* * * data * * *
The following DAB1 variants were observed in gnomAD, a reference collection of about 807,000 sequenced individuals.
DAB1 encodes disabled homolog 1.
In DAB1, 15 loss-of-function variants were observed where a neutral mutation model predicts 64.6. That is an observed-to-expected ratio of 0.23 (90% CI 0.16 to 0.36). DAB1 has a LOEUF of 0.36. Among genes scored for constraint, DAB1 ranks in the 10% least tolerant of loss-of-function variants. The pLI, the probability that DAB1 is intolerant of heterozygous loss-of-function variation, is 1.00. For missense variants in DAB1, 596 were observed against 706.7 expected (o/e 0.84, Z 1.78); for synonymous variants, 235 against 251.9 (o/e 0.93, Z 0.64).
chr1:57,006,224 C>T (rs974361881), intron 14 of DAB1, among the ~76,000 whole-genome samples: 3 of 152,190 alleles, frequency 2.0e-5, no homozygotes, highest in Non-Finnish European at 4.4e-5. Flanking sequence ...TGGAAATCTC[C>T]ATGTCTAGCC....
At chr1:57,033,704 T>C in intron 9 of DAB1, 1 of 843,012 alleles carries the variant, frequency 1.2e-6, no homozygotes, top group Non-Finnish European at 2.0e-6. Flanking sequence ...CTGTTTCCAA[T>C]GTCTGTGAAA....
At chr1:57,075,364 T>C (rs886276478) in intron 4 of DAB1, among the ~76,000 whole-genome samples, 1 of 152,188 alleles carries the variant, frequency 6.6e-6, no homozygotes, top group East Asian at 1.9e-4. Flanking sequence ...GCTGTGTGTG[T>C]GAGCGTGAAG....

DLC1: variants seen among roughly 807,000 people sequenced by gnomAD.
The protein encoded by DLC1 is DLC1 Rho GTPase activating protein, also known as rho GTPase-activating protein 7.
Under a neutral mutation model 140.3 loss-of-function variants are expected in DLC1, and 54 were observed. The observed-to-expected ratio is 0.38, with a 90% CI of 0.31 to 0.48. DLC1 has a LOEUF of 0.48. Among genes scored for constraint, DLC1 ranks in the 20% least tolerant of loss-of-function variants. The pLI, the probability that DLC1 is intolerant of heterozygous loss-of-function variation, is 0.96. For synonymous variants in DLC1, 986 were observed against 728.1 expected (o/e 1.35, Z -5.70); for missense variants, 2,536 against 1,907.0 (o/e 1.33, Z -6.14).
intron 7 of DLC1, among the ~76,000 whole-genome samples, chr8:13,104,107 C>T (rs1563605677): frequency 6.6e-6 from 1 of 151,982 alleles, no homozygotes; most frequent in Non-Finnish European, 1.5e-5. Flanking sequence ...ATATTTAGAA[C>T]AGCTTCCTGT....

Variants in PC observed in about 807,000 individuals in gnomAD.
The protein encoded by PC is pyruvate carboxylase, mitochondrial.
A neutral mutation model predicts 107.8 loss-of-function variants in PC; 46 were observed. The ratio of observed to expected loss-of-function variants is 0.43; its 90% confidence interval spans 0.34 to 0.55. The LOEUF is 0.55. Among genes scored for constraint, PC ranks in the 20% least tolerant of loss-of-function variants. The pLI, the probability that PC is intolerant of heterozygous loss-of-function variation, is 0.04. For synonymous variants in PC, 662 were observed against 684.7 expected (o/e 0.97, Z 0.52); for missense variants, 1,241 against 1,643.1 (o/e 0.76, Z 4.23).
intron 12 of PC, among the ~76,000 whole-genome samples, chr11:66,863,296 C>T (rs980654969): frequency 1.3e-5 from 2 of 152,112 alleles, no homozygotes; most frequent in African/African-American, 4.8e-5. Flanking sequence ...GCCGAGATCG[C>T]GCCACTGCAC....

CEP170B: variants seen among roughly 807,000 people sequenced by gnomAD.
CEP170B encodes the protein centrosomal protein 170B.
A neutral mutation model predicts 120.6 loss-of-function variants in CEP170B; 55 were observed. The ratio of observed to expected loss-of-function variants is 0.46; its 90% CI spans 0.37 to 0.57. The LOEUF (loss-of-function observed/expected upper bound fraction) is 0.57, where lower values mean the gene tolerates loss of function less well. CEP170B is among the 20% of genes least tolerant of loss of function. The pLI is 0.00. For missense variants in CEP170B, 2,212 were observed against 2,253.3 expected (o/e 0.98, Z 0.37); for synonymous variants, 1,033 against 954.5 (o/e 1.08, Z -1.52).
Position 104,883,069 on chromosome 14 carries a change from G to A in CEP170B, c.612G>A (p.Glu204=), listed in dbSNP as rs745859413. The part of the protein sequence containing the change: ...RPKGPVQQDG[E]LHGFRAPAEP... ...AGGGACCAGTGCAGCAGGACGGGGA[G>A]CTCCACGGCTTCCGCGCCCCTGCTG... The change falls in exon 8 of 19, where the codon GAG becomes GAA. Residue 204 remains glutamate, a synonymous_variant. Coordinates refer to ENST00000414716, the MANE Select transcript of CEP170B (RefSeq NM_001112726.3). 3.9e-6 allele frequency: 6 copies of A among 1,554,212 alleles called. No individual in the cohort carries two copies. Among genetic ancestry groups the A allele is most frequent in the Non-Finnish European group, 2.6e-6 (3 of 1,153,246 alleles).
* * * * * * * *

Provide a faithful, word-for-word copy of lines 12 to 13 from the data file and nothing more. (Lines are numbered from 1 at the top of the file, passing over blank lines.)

The protein encoded by PC is pyruvate carboxylase, mitochondrial.
A neutral mutation model predicts 107.8 loss-of-function variants in PC; 46 were observed. The ratio of observed to expected loss-of-function variants is 0.43; its 90% confidence interval spans 0.34 to 0.55. The LOEUF is 0.55. Among genes scored for constraint, PC ranks in the 20% least tolerant of loss-of-function variants. The pLI, the probability that PC is intolerant of heterozygous loss-of-function variation, is 0.04. For synonymous variants in PC, 662 were observed against 684.7 expected (o/e 0.97, Z 0.52); for missense variants, 1,241 against 1,643.1 (o/e 0.76, Z 4.23).